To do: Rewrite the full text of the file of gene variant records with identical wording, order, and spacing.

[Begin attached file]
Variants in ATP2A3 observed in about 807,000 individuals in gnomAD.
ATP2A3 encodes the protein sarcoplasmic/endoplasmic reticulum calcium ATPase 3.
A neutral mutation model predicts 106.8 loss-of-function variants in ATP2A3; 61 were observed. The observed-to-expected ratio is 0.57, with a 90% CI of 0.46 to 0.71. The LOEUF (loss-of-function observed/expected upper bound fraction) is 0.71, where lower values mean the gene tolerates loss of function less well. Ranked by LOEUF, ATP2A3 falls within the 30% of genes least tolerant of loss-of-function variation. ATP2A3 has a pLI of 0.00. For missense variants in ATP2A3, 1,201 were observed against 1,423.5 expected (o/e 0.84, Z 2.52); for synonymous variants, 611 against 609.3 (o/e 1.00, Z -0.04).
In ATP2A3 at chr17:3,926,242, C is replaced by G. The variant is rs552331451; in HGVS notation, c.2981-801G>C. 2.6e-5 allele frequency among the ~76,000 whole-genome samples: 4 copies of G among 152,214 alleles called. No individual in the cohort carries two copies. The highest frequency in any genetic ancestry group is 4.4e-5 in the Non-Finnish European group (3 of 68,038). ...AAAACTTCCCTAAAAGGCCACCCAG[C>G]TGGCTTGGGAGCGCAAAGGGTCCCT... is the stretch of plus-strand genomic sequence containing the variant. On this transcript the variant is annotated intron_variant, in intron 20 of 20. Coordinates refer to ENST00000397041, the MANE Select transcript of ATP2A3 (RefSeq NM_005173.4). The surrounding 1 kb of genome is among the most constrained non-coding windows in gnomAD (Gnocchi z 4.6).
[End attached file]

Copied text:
Variants in ATP2A3 observed in about 807,000 individuals in gnomAD.
ATP2A3 encodes the protein sarcoplasmic/endoplasmic reticulum calcium ATPase 3.
A neutral mutation model predicts 106.8 loss-of-function variants in ATP2A3; 61 were observed. The observed-to-expected ratio is 0.57, with a 90% CI of 0.46 to 0.71. The LOEUF (loss-of-function observed/expected upper bound fraction) is 0.71, where lower values mean the gene tolerates loss of function less well. Ranked by LOEUF, ATP2A3 falls within the 30% of genes least tolerant of loss-of-function variation. ATP2A3 has a pLI of 0.00. For missense variants in ATP2A3, 1,201 were observed against 1,423.5 expected (o/e 0.84, Z 2.52); for synonymous variants, 611 against 609.3 (o/e 1.00, Z -0.04).
In ATP2A3 at chr17:3,926,242, C is replaced by G. The variant is rs552331451; in HGVS notation, c.2981-801G>C. 2.6e-5 allele frequency among the ~76,000 whole-genome samples: 4 copies of G among 152,214 alleles called. No individual in the cohort carries two copies. The highest frequency in any genetic ancestry group is 4.4e-5 in the Non-Finnish European group (3 of 68,038). ...AAAACTTCCCTAAAAGGCCACCCAG[C>G]TGGCTTGGGAGCGCAAAGGGTCCCT... is the stretch of plus-strand genomic sequence containing the variant. On this transcript the variant is annotated intron_variant, in intron 20 of 20. Coordinates refer to ENST00000397041, the MANE Select transcript of ATP2A3 (RefSeq NM_005173.4). The surrounding 1 kb of genome is among the most constrained non-coding windows in gnomAD (Gnocchi z 4.6).